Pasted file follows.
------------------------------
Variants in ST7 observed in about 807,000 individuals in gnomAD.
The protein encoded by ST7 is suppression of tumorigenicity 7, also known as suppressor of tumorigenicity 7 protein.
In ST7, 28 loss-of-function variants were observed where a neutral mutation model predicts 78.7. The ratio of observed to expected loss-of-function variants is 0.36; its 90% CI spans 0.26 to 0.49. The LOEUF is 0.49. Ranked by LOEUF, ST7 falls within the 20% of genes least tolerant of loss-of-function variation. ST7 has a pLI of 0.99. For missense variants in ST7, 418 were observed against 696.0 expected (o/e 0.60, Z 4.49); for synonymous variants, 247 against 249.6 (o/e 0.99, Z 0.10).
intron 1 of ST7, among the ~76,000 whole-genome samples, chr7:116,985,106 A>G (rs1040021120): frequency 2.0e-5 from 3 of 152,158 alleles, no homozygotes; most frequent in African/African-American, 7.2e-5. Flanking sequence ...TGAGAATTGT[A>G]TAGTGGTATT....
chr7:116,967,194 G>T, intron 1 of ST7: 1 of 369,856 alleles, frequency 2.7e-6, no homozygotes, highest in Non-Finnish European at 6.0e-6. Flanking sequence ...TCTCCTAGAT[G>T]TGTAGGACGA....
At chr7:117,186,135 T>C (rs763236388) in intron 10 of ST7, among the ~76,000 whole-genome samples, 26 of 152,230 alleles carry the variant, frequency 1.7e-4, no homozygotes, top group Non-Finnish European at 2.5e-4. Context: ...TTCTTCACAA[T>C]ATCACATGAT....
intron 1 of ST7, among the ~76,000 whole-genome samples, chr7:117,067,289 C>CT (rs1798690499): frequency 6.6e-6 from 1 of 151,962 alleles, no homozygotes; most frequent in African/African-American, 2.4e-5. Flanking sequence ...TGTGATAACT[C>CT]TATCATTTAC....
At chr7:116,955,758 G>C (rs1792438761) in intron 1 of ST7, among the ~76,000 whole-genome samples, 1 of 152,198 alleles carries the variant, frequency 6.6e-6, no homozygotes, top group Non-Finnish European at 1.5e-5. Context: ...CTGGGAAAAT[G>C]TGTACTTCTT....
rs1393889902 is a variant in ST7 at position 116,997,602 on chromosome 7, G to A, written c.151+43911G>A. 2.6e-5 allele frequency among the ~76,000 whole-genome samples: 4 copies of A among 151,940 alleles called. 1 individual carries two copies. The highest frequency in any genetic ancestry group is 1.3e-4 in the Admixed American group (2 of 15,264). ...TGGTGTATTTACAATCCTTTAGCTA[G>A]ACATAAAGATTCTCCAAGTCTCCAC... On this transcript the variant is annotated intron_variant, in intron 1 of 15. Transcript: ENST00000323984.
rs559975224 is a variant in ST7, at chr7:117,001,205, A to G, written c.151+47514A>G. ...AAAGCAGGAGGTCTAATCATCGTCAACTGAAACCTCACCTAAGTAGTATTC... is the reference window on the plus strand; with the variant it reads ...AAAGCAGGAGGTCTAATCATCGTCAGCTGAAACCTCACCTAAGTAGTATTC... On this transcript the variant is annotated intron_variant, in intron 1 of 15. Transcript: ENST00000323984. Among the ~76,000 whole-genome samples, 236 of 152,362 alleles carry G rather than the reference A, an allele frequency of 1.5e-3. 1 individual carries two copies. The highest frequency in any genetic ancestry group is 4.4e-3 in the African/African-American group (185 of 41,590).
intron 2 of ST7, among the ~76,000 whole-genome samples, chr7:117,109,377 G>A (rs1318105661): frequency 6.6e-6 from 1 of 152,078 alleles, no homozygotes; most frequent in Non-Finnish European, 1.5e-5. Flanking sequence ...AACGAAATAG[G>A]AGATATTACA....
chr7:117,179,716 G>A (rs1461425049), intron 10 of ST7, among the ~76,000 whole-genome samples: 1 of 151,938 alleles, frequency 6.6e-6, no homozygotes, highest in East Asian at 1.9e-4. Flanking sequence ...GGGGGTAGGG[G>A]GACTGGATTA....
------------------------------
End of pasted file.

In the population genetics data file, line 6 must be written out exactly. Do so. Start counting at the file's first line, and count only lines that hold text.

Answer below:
At chr7:117,186,135 T>C (rs763236388) in intron 10 of ST7, among the ~76,000 whole-genome samples, 26 of 152,230 alleles carry the variant, frequency 1.7e-4, no homozygotes, top group Non-Finnish European at 2.5e-4. Context: ...TTCTTCACAA[T>C]ATCACATGAT....